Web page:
Murphy’s Law and the First-Time Business Author

May 21, 2019 | Writing A Book

You’ve heard of Murphy’s Law, but do you know where it came from? I don’t either, at least not for sure. One origin story says it’s named for a Captain Edward Murphy. He was an Air Force engineer working on a project at Edwards Air Force Base in the late 1940s. No one is sure if he actually said what we call Murphy’s Law or even something very much like it.

It doesn’t matter where Murphy’s Law comes from. If you’re a first-time author, you’ll become very familiar with Murphy’s Law.

Nothing Is as Easy as It Looks

If you’ve never written a book before, it looks easy. All you need to do is make an outline and write your book. If it were that easy, book-writing coaches like me would be out of work.

An idea that seems like it will work in your head rarely gets to the page in the same way. We imagine our thoughts as clear and coherent, but we find out we’re wrong when we try to put them on paper.

The other problem with “just writing it” is that your brain connects ideas in many ways. That’s one of the marvelous features of your brain. But when you write a sentence or a paragraph or a book, you need to take those same ideas and put them in linear order.

Great writing is rewriting because great writing is iterative. You write it. You evaluate it. And you write it again, only better.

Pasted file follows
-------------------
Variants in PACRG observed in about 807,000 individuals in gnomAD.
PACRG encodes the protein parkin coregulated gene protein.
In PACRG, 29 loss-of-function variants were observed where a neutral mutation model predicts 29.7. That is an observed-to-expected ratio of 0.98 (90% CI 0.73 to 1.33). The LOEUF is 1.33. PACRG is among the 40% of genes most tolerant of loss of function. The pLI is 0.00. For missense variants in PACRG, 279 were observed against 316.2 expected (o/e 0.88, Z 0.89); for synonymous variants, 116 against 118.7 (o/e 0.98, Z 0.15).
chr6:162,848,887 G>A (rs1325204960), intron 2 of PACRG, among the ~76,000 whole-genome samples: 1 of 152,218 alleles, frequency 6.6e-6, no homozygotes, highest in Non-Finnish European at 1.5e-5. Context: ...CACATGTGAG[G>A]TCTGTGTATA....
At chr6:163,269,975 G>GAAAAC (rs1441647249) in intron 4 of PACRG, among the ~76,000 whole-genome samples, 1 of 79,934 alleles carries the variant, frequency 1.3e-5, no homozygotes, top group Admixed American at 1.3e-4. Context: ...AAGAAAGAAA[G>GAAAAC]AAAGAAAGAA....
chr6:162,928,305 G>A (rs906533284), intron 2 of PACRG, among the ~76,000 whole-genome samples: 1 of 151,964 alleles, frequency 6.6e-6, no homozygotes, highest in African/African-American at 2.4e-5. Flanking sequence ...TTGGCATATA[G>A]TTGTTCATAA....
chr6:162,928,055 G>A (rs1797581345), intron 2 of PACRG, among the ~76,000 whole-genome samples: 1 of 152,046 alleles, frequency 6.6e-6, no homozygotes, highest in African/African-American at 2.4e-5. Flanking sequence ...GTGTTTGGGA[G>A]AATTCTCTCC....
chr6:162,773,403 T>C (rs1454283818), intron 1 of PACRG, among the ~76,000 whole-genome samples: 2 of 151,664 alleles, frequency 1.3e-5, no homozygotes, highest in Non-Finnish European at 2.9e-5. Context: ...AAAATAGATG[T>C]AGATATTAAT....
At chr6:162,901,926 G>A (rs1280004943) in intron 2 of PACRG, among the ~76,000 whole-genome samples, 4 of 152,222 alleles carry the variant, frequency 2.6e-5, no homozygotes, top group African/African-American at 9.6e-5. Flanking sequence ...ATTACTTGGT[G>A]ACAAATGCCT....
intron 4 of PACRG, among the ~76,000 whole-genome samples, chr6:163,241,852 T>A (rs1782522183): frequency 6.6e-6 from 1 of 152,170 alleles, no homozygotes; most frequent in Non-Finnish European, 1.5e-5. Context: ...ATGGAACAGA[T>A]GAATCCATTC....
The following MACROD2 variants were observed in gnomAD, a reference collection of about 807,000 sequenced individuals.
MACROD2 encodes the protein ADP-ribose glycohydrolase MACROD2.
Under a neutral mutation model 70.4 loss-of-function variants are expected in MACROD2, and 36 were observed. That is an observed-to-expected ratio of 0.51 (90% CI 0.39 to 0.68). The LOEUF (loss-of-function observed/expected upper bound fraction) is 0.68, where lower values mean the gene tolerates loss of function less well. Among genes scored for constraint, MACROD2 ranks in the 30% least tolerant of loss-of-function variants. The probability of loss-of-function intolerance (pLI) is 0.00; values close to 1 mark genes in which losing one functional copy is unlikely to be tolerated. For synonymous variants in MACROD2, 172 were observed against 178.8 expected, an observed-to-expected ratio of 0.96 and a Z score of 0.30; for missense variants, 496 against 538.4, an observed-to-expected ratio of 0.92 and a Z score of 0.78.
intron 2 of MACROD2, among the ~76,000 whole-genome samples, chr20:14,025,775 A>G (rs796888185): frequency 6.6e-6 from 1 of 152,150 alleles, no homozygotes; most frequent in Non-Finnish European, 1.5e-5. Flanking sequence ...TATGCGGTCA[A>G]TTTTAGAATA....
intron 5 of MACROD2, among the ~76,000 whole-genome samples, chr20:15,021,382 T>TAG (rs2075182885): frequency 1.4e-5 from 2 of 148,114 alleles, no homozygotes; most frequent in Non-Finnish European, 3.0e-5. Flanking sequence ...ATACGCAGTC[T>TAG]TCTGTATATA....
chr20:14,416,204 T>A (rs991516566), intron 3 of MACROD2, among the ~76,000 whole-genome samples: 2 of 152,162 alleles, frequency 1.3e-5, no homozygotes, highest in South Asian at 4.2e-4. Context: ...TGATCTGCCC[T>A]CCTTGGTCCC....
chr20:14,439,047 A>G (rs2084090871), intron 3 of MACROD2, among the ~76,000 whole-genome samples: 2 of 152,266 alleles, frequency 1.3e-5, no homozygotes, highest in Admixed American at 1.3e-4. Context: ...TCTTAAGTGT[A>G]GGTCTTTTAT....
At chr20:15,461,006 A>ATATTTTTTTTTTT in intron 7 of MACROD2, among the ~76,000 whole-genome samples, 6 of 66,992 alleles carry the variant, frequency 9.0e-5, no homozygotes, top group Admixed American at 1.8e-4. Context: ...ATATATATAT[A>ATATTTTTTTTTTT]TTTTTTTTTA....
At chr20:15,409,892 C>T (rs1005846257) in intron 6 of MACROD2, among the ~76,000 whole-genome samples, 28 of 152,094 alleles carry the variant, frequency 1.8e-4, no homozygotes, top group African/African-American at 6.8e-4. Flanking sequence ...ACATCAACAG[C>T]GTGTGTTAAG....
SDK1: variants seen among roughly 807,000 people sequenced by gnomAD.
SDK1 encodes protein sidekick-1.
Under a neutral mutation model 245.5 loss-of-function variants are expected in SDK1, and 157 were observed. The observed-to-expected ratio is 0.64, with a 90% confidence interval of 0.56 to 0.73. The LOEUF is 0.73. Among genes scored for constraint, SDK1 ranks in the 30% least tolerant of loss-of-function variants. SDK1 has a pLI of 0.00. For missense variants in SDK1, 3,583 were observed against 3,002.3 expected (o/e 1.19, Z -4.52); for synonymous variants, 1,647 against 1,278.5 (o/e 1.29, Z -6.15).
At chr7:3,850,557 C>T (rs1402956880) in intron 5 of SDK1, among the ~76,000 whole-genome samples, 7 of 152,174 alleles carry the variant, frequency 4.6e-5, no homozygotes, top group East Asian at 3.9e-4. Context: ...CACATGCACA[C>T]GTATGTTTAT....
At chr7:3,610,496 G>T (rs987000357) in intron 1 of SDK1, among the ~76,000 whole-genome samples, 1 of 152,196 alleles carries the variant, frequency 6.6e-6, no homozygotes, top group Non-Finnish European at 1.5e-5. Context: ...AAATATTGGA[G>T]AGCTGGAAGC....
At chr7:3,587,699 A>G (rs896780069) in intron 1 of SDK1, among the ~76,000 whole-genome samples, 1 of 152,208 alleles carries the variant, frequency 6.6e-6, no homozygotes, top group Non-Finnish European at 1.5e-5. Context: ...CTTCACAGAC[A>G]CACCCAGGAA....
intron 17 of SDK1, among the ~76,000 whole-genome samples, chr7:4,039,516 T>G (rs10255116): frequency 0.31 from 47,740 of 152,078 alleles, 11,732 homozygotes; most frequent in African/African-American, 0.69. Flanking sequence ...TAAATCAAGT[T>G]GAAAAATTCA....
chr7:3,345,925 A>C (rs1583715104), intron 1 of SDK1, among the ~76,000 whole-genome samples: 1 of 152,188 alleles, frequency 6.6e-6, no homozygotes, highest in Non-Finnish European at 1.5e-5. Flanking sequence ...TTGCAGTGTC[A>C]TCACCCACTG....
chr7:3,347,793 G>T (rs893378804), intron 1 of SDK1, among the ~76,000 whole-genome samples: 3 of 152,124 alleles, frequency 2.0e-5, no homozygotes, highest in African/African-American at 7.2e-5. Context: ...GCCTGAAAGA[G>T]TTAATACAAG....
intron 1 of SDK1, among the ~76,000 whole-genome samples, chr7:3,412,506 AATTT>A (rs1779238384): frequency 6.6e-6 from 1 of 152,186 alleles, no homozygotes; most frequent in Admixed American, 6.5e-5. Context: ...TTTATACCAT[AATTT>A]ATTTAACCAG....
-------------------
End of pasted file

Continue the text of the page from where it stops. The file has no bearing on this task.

Everything Takes Longer Than You Expect

Most first-time authors I’ve worked with imagine that they will have their book done in a few months. Reality is that a year is about the minimum. Sure, you can write a book faster. It’s just unlikely to be a book you can be proud of.

If you’re thinking about writing your first book, it will take you at least three or four drafts to get things right. If you have a full-time job besides writing the book, it will take a year or more to finish those drafts.

I’ve outlined the entire process from concept to published book and put it in a free white paper. Download it here.

If Anything Can Go Wrong, It Will

We plan a project, like a book, when we know the least about it. Things just take longer than you think they will. Sometimes, an event occurs in the world that forces you to rethink or rewrite your book. Sometimes, something happens in your life (illness, accident, natural disaster) that slows you down. Stuff happens.

That’s okay. It’s normal. Don’t craft a perfect plan and try to adhere to it no matter what. Instead, stay agile and take what the world and your life give you.

Bottom Line

Murphy’s Law is a fact of life for you if you’re a first-time author. Nothing is as easy as it looks. Everything takes longer than you expect. If something can go wrong, it will. And one more thing. Murphy was optimistic.

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